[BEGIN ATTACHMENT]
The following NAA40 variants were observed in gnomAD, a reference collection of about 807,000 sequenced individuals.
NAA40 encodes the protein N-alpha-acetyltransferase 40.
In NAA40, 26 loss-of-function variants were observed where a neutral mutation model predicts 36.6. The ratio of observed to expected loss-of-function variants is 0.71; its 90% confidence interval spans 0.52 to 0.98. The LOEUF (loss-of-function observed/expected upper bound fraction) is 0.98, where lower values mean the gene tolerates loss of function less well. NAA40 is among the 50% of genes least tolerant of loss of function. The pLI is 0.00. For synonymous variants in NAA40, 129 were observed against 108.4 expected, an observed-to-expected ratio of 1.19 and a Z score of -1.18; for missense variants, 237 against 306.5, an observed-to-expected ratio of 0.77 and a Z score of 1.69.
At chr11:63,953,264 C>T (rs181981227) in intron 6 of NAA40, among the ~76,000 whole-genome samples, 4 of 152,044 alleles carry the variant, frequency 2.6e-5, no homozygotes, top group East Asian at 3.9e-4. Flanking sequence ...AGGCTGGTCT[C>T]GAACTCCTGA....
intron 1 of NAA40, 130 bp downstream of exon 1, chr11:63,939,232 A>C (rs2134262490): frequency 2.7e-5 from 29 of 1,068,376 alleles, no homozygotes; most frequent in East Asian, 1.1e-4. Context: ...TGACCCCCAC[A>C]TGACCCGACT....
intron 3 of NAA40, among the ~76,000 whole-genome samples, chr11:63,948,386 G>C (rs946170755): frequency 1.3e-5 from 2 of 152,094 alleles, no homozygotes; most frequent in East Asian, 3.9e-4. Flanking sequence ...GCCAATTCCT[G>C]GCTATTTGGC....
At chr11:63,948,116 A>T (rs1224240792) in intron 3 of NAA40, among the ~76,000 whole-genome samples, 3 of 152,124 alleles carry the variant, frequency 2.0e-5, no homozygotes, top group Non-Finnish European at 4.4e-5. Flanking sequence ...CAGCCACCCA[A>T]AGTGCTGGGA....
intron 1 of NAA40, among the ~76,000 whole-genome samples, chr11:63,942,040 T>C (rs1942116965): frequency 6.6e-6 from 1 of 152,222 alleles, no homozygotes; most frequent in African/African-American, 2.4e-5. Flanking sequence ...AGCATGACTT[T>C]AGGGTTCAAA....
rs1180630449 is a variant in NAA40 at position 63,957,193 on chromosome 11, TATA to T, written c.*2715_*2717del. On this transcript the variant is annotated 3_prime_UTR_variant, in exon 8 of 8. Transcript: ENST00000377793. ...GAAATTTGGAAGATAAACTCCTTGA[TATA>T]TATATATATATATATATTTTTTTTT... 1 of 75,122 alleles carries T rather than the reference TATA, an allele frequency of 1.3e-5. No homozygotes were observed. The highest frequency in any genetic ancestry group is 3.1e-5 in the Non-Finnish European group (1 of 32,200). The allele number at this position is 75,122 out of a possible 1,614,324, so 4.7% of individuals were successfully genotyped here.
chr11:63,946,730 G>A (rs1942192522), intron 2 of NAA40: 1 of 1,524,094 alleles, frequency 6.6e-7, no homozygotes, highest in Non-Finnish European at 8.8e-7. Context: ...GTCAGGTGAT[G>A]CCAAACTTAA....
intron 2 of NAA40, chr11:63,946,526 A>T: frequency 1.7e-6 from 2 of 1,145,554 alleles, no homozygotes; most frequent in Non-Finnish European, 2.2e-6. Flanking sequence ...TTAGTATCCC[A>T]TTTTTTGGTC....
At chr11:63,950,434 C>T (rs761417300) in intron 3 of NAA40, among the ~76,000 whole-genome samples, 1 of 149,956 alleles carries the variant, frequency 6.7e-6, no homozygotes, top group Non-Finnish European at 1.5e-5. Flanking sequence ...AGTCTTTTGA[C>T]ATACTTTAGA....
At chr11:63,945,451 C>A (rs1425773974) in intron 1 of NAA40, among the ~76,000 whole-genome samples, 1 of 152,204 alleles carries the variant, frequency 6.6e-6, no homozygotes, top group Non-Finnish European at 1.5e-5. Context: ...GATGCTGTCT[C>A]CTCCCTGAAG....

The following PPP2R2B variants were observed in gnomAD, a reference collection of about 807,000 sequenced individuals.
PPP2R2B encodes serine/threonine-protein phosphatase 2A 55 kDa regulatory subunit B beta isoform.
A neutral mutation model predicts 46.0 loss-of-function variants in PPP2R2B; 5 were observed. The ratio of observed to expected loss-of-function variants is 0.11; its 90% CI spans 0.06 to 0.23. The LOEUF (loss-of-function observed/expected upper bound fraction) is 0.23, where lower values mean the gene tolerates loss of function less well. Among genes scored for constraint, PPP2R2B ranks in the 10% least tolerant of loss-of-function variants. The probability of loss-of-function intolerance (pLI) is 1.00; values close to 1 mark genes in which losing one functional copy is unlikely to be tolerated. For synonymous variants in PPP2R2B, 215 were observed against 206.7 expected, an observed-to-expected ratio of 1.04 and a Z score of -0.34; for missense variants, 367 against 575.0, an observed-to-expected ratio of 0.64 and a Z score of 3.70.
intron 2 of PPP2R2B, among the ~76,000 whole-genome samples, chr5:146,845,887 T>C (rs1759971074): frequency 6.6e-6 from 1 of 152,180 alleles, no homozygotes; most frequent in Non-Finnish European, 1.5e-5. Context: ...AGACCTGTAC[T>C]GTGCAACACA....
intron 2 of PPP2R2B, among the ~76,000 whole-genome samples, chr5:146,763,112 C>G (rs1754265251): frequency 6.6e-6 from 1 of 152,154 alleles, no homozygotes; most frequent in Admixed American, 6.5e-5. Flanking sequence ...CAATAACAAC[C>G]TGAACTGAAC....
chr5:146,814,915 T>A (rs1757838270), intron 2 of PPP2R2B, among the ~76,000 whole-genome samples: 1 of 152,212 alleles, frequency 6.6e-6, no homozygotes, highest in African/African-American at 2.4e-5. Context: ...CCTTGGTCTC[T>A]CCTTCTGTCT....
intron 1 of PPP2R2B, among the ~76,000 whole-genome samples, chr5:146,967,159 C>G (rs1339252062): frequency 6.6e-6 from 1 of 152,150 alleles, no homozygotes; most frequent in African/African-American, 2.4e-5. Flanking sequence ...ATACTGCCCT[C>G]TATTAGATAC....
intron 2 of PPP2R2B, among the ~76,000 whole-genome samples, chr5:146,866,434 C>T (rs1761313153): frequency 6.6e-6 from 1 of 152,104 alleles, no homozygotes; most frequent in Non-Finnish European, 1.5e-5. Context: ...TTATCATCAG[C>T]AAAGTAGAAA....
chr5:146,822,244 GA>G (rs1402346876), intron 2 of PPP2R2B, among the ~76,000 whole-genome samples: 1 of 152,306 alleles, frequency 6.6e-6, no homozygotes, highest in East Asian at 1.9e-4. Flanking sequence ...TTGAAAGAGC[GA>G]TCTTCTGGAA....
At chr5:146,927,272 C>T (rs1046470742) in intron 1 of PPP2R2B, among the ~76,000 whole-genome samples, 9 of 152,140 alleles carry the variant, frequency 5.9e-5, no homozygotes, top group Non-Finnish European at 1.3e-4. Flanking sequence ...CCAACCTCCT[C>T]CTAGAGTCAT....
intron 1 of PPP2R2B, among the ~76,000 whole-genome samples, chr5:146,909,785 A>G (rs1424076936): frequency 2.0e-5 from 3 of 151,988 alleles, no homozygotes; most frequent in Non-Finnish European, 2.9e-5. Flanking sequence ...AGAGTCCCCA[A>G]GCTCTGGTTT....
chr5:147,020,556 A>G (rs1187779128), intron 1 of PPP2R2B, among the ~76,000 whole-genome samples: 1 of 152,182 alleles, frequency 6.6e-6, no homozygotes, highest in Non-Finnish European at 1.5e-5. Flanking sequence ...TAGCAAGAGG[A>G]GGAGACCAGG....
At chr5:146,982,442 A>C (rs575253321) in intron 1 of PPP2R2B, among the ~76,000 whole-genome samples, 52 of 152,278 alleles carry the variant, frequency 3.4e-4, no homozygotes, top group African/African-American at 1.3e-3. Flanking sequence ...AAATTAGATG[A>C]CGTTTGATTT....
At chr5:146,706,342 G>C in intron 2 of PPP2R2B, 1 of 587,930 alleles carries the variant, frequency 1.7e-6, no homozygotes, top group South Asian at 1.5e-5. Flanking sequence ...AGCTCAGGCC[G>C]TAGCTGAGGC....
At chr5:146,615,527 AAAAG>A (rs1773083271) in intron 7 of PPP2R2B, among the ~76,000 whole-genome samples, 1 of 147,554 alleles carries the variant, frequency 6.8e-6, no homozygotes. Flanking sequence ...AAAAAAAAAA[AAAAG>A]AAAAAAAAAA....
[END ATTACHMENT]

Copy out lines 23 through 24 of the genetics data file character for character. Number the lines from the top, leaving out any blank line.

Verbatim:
At chr5:146,927,272 C>T (rs1046470742) in intron 1 of PPP2R2B, among the ~76,000 whole-genome samples, 9 of 152,140 alleles carry the variant, frequency 5.9e-5, no homozygotes, top group Non-Finnish European at 1.3e-4. Flanking sequence ...CCAACCTCCT[C>T]CTAGAGTCAT....
intron 1 of PPP2R2B, among the ~76,000 whole-genome samples, chr5:146,909,785 A>G (rs1424076936): frequency 2.0e-5 from 3 of 151,988 alleles, no homozygotes; most frequent in Non-Finnish European, 2.9e-5. Flanking sequence ...AGAGTCCCCA[A>G]GCTCTGGTTT....